EU establishes new AI office to oversee future regulations

31st May 2024
Harry Fowle

The EU has announced the establishment of a dedicated AI office, created to play a pivotal role in implementing the landmark AI Act.

The AI act, considered one of the most robust and detailed AI regulations worldwide, uses a risk-based approach imposing strict rules on higher-risk AI applications.

The new office aims to promote the "future development, deployment and use" of AI, promoting societal and economic benefits and innovation while reducing risks.

It will play a "key role" in implementing the AI Act, particularly concerning general-purpose AI models, and will support research and innovation in trustworthy AI with the aim to place the EU as a leader in international discussions of the growing technology.

Margerthe Vertager, EU competition chief said the office will assist the EU and ensure a "coherent" implementation of the AI Act.

"Together with developers and a scientific community, the office will evaluate and test general-purpose AI to ensure that AI serves us as humans and upholds our European values."

Sridhar Iyengar, MD for Zoho Europe said: "The establishment of the AI office in the European Commission to play a key role with the implementation of the EU AI Act is a welcome sign of progress, and it is encouraging to see the EU positioning itself as a global leader in AI regulation. We hope to continue to see collaboration between governments, businesses, academics and industry experts to guide on the safe use of AI to boost business growth."

"As AI adoption continues across industries, it presents both benefits and concerns for businesses. However, if businesses follow best practice guidance and stay within the guardrails of the legislation, it can be adopted safely and ethically. Companies should always develop policies which safeguard customer data and train staff accordingly as AI continues to develop at a fast pace. AI can drive innovation in business tools, helping to improve fraud detection, forecasting and customer data analysis to name a few. These benefits not only have the potential to elevate customer experience but can increase efficiency, present insights and suggest actions to drive further success."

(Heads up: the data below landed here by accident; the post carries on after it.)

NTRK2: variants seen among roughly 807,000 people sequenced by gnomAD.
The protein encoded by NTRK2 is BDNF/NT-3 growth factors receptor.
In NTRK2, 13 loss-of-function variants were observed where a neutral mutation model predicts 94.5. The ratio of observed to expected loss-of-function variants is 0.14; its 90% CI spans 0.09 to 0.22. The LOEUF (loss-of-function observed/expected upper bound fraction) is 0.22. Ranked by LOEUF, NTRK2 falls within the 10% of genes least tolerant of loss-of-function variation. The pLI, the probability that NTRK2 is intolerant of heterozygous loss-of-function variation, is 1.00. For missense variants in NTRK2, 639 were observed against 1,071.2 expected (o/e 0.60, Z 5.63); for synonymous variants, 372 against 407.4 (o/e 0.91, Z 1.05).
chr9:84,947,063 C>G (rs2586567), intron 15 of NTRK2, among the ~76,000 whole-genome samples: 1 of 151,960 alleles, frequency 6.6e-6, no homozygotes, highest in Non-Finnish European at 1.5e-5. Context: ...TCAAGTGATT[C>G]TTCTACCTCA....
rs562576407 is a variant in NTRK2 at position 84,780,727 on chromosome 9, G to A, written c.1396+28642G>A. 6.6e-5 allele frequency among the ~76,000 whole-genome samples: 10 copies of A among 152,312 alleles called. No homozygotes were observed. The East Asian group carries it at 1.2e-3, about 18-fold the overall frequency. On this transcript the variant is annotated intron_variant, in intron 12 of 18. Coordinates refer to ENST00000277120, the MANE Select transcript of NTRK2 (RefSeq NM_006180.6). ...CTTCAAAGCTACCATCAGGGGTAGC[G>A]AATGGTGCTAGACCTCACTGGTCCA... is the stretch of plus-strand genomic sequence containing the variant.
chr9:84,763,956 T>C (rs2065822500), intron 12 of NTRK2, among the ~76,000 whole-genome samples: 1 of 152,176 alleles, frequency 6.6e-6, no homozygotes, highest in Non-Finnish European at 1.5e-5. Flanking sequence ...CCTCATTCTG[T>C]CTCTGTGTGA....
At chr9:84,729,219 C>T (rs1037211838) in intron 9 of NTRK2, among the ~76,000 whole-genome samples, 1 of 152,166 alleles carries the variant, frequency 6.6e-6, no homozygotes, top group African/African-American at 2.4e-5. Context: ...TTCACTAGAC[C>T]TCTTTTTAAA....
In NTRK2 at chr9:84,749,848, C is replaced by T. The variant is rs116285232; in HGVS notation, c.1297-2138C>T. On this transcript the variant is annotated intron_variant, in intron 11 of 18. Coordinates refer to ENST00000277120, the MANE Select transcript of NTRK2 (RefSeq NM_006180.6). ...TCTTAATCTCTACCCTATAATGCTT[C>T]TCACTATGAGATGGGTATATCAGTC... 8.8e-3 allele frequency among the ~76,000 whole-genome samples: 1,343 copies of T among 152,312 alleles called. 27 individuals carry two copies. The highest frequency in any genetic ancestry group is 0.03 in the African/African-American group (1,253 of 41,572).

The office will employ more than 140 staff members, including technology specialists, administrative assistants, lawyers, policy specialists and economists. and will be composed of units from regulation and compliance to safety and innovation.

Rachael Hays, Transformation Director for Definia, part of The IN Group, comments: "The establishment of a dedicated AI Office within the European Commission underscores the EU's commitment to both innovation and regulation which is undoubtedly crucial in this rapidly evolving AI landscape.

This initiative provides an excellent opportunity for upskilling the workforce. While over half of boardroom leaders, according to our Tech and the Boardroom research, fear AI is the biggest direct threat to their organisation, this initiative directly addresses these fears as employees across various sectors are given the opportunity to adapt and thrive in an AI-driven world. The AI Office offers promising hope and guidance in developing economic benefits while mitigating risks associated with AI technology, something we should all get on board with."

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